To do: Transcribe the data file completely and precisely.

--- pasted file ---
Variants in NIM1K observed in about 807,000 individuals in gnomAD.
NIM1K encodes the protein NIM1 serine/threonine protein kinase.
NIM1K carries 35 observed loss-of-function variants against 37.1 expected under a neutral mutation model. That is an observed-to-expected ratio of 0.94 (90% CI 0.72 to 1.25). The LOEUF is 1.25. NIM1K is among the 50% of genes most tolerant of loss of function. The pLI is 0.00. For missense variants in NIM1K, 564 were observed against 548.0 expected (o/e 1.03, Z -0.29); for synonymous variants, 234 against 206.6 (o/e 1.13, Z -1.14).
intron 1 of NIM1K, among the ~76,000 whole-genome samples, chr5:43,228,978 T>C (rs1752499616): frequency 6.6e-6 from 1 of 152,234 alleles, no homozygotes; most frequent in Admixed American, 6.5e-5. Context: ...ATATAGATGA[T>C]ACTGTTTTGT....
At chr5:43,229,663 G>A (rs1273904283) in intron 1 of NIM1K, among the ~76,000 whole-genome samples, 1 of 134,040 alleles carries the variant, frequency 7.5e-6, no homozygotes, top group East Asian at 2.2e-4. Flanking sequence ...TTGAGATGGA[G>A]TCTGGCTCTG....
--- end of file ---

Variants in NIM1K observed in about 807,000 individuals in gnomAD.
NIM1K encodes the protein NIM1 serine/threonine protein kinase.
NIM1K carries 35 observed loss-of-function variants against 37.1 expected under a neutral mutation model. That is an observed-to-expected ratio of 0.94 (90% CI 0.72 to 1.25). The LOEUF is 1.25. NIM1K is among the 50% of genes most tolerant of loss of function. The pLI is 0.00. For missense variants in NIM1K, 564 were observed against 548.0 expected (o/e 1.03, Z -0.29); for synonymous variants, 234 against 206.6 (o/e 1.13, Z -1.14).
intron 1 of NIM1K, among the ~76,000 whole-genome samples, chr5:43,228,978 T>C (rs1752499616): frequency 6.6e-6 from 1 of 152,234 alleles, no homozygotes; most frequent in Admixed American, 6.5e-5. Context: ...ATATAGATGA[T>C]ACTGTTTTGT....
At chr5:43,229,663 G>A (rs1273904283) in intron 1 of NIM1K, among the ~76,000 whole-genome samples, 1 of 134,040 alleles carries the variant, frequency 7.5e-6, no homozygotes, top group East Asian at 2.2e-4. Flanking sequence ...TTGAGATGGA[G>A]TCTGGCTCTG....